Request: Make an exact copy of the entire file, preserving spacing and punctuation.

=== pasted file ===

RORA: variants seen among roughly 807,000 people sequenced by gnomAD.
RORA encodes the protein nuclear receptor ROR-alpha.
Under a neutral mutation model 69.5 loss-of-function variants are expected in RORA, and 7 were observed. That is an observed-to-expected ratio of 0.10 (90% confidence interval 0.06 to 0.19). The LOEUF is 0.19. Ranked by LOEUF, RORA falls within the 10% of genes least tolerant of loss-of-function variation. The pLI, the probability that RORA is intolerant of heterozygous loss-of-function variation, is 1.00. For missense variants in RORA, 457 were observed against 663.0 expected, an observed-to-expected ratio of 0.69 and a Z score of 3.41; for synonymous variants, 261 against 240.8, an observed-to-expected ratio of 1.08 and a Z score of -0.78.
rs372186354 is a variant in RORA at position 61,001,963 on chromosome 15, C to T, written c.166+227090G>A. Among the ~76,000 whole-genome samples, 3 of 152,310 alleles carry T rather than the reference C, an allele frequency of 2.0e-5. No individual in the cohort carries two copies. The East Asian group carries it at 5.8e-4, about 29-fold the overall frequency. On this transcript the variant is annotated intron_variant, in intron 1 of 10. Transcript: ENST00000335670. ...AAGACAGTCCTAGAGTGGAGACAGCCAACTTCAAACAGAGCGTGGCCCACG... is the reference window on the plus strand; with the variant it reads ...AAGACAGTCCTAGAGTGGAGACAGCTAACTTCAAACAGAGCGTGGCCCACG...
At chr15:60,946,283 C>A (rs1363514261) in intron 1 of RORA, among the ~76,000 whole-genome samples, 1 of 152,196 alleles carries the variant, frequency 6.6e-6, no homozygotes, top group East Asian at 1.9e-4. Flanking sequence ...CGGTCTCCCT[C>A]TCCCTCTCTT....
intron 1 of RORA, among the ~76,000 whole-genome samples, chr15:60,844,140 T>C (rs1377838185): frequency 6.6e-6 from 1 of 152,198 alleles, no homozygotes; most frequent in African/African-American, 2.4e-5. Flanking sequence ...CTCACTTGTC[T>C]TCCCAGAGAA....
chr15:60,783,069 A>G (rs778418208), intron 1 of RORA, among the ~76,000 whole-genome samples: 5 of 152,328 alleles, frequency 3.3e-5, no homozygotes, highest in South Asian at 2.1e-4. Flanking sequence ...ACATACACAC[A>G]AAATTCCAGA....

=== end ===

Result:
RORA: variants seen among roughly 807,000 people sequenced by gnomAD.
RORA encodes the protein nuclear receptor ROR-alpha.
Under a neutral mutation model 69.5 loss-of-function variants are expected in RORA, and 7 were observed. That is an observed-to-expected ratio of 0.10 (90% confidence interval 0.06 to 0.19). The LOEUF is 0.19. Ranked by LOEUF, RORA falls within the 10% of genes least tolerant of loss-of-function variation. The pLI, the probability that RORA is intolerant of heterozygous loss-of-function variation, is 1.00. For missense variants in RORA, 457 were observed against 663.0 expected, an observed-to-expected ratio of 0.69 and a Z score of 3.41; for synonymous variants, 261 against 240.8, an observed-to-expected ratio of 1.08 and a Z score of -0.78.
rs372186354 is a variant in RORA at position 61,001,963 on chromosome 15, C to T, written c.166+227090G>A. Among the ~76,000 whole-genome samples, 3 of 152,310 alleles carry T rather than the reference C, an allele frequency of 2.0e-5. No individual in the cohort carries two copies. The East Asian group carries it at 5.8e-4, about 29-fold the overall frequency. On this transcript the variant is annotated intron_variant, in intron 1 of 10. Transcript: ENST00000335670. ...AAGACAGTCCTAGAGTGGAGACAGCCAACTTCAAACAGAGCGTGGCCCACG... is the reference window on the plus strand; with the variant it reads ...AAGACAGTCCTAGAGTGGAGACAGCTAACTTCAAACAGAGCGTGGCCCACG...
At chr15:60,946,283 C>A (rs1363514261) in intron 1 of RORA, among the ~76,000 whole-genome samples, 1 of 152,196 alleles carries the variant, frequency 6.6e-6, no homozygotes, top group East Asian at 1.9e-4. Flanking sequence ...CGGTCTCCCT[C>A]TCCCTCTCTT....
intron 1 of RORA, among the ~76,000 whole-genome samples, chr15:60,844,140 T>C (rs1377838185): frequency 6.6e-6 from 1 of 152,198 alleles, no homozygotes; most frequent in African/African-American, 2.4e-5. Flanking sequence ...CTCACTTGTC[T>C]TCCCAGAGAA....
chr15:60,783,069 A>G (rs778418208), intron 1 of RORA, among the ~76,000 whole-genome samples: 5 of 152,328 alleles, frequency 3.3e-5, no homozygotes, highest in South Asian at 2.1e-4. Flanking sequence ...ACATACACAC[A>G]AAATTCCAGA....